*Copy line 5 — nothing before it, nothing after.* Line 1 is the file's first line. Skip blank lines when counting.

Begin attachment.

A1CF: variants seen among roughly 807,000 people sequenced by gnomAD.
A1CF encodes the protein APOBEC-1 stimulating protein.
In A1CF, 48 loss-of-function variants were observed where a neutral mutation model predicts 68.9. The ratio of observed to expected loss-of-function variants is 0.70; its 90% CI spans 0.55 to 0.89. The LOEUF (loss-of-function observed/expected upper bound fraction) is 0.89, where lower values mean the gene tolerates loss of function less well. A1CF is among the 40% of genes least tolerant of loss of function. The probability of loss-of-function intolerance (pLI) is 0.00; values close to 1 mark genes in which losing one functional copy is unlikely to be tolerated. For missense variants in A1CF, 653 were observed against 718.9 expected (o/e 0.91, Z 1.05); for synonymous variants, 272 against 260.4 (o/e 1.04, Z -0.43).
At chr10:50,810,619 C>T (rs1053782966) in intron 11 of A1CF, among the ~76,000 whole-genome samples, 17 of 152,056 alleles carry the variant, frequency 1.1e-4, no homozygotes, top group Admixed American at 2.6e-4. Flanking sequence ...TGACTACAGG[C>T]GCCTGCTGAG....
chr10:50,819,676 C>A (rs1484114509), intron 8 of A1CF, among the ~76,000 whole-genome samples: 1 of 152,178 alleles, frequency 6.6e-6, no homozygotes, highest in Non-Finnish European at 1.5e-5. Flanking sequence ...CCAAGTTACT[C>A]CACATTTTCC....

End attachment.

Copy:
chr10:50,819,676 C>A (rs1484114509), intron 8 of A1CF, among the ~76,000 whole-genome samples: 1 of 152,178 alleles, frequency 6.6e-6, no homozygotes, highest in Non-Finnish European at 1.5e-5. Flanking sequence ...CCAAGTTACT[C>A]CACATTTTCC....